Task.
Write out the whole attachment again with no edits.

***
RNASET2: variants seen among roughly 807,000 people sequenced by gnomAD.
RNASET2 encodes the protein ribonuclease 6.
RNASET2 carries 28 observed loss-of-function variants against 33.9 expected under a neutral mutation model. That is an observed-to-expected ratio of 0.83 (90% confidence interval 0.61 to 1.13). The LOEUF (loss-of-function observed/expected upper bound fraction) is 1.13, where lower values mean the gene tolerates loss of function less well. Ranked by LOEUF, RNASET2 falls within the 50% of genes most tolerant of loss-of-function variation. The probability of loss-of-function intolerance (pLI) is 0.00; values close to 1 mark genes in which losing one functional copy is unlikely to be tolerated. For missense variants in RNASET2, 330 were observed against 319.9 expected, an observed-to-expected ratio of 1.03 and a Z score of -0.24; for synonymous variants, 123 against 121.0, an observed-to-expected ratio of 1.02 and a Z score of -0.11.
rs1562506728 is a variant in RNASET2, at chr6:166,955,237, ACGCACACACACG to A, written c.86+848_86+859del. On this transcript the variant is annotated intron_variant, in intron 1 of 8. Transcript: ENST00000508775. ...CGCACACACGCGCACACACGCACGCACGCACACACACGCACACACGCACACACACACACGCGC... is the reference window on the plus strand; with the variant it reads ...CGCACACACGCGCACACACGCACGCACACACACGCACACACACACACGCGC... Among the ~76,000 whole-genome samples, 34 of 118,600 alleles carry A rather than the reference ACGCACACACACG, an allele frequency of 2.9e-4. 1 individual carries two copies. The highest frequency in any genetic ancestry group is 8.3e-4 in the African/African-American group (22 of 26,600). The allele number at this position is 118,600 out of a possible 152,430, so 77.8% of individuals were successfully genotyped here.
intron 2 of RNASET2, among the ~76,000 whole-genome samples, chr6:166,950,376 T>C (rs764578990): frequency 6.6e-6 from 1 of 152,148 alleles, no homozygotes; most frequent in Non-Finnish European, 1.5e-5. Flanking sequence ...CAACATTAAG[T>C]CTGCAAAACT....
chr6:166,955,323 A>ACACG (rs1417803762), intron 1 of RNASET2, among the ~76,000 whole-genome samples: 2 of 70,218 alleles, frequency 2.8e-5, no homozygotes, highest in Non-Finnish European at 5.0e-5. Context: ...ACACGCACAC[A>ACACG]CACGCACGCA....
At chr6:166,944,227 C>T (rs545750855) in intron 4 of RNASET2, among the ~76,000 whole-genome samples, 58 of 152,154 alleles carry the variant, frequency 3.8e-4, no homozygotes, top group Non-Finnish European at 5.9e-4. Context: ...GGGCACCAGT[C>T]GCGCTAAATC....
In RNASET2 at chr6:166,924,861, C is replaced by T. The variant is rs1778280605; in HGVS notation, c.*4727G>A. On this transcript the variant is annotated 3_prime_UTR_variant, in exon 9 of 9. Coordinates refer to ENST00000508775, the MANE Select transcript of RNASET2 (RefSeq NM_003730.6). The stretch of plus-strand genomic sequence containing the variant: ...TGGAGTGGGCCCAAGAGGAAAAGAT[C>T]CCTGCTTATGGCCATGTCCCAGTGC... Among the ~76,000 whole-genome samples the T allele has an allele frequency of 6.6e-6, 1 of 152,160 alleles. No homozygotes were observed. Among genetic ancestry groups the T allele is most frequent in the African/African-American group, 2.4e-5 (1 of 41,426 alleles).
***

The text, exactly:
RNASET2: variants seen among roughly 807,000 people sequenced by gnomAD.
RNASET2 encodes the protein ribonuclease 6.
RNASET2 carries 28 observed loss-of-function variants against 33.9 expected under a neutral mutation model. That is an observed-to-expected ratio of 0.83 (90% confidence interval 0.61 to 1.13). The LOEUF (loss-of-function observed/expected upper bound fraction) is 1.13, where lower values mean the gene tolerates loss of function less well. Ranked by LOEUF, RNASET2 falls within the 50% of genes most tolerant of loss-of-function variation. The probability of loss-of-function intolerance (pLI) is 0.00; values close to 1 mark genes in which losing one functional copy is unlikely to be tolerated. For missense variants in RNASET2, 330 were observed against 319.9 expected, an observed-to-expected ratio of 1.03 and a Z score of -0.24; for synonymous variants, 123 against 121.0, an observed-to-expected ratio of 1.02 and a Z score of -0.11.
rs1562506728 is a variant in RNASET2, at chr6:166,955,237, ACGCACACACACG to A, written c.86+848_86+859del. On this transcript the variant is annotated intron_variant, in intron 1 of 8. Transcript: ENST00000508775. ...CGCACACACGCGCACACACGCACGCACGCACACACACGCACACACGCACACACACACACGCGC... is the reference window on the plus strand; with the variant it reads ...CGCACACACGCGCACACACGCACGCACACACACGCACACACACACACGCGC... Among the ~76,000 whole-genome samples, 34 of 118,600 alleles carry A rather than the reference ACGCACACACACG, an allele frequency of 2.9e-4. 1 individual carries two copies. The highest frequency in any genetic ancestry group is 8.3e-4 in the African/African-American group (22 of 26,600). The allele number at this position is 118,600 out of a possible 152,430, so 77.8% of individuals were successfully genotyped here.
intron 2 of RNASET2, among the ~76,000 whole-genome samples, chr6:166,950,376 T>C (rs764578990): frequency 6.6e-6 from 1 of 152,148 alleles, no homozygotes; most frequent in Non-Finnish European, 1.5e-5. Flanking sequence ...CAACATTAAG[T>C]CTGCAAAACT....
chr6:166,955,323 A>ACACG (rs1417803762), intron 1 of RNASET2, among the ~76,000 whole-genome samples: 2 of 70,218 alleles, frequency 2.8e-5, no homozygotes, highest in Non-Finnish European at 5.0e-5. Context: ...ACACGCACAC[A>ACACG]CACGCACGCA....
At chr6:166,944,227 C>T (rs545750855) in intron 4 of RNASET2, among the ~76,000 whole-genome samples, 58 of 152,154 alleles carry the variant, frequency 3.8e-4, no homozygotes, top group Non-Finnish European at 5.9e-4. Context: ...GGGCACCAGT[C>T]GCGCTAAATC....
In RNASET2 at chr6:166,924,861, C is replaced by T. The variant is rs1778280605; in HGVS notation, c.*4727G>A. On this transcript the variant is annotated 3_prime_UTR_variant, in exon 9 of 9. Coordinates refer to ENST00000508775, the MANE Select transcript of RNASET2 (RefSeq NM_003730.6). The stretch of plus-strand genomic sequence containing the variant: ...TGGAGTGGGCCCAAGAGGAAAAGAT[C>T]CCTGCTTATGGCCATGTCCCAGTGC... Among the ~76,000 whole-genome samples the T allele has an allele frequency of 6.6e-6, 1 of 152,160 alleles. No homozygotes were observed. Among genetic ancestry groups the T allele is most frequent in the African/African-American group, 2.4e-5 (1 of 41,426 alleles).